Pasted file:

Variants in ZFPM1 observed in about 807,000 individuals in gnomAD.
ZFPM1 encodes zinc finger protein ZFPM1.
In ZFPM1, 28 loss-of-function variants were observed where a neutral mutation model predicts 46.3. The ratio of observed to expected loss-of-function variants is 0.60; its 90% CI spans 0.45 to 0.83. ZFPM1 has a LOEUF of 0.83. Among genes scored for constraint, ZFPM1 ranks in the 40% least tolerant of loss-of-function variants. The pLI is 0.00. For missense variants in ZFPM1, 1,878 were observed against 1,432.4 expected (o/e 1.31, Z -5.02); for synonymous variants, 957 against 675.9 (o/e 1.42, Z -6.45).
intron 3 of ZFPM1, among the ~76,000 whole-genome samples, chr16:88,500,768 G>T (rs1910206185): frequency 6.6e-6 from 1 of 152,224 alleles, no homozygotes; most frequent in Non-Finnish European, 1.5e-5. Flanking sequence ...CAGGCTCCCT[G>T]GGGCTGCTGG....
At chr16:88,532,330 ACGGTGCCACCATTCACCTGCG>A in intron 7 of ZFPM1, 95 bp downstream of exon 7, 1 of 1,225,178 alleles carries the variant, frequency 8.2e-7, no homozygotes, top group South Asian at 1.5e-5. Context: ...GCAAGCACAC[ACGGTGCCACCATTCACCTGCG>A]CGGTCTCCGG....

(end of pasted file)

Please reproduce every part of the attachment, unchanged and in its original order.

Variants in ZFPM1 observed in about 807,000 individuals in gnomAD.
ZFPM1 encodes zinc finger protein ZFPM1.
In ZFPM1, 28 loss-of-function variants were observed where a neutral mutation model predicts 46.3. The ratio of observed to expected loss-of-function variants is 0.60; its 90% CI spans 0.45 to 0.83. ZFPM1 has a LOEUF of 0.83. Among genes scored for constraint, ZFPM1 ranks in the 40% least tolerant of loss-of-function variants. The pLI is 0.00. For missense variants in ZFPM1, 1,878 were observed against 1,432.4 expected (o/e 1.31, Z -5.02); for synonymous variants, 957 against 675.9 (o/e 1.42, Z -6.45).
intron 3 of ZFPM1, among the ~76,000 whole-genome samples, chr16:88,500,768 G>T (rs1910206185): frequency 6.6e-6 from 1 of 152,224 alleles, no homozygotes; most frequent in Non-Finnish European, 1.5e-5. Flanking sequence ...CAGGCTCCCT[G>T]GGGCTGCTGG....
At chr16:88,532,330 ACGGTGCCACCATTCACCTGCG>A in intron 7 of ZFPM1, 95 bp downstream of exon 7, 1 of 1,225,178 alleles carries the variant, frequency 8.2e-7, no homozygotes, top group South Asian at 1.5e-5. Context: ...GCAAGCACAC[ACGGTGCCACCATTCACCTGCG>A]CGGTCTCCGG....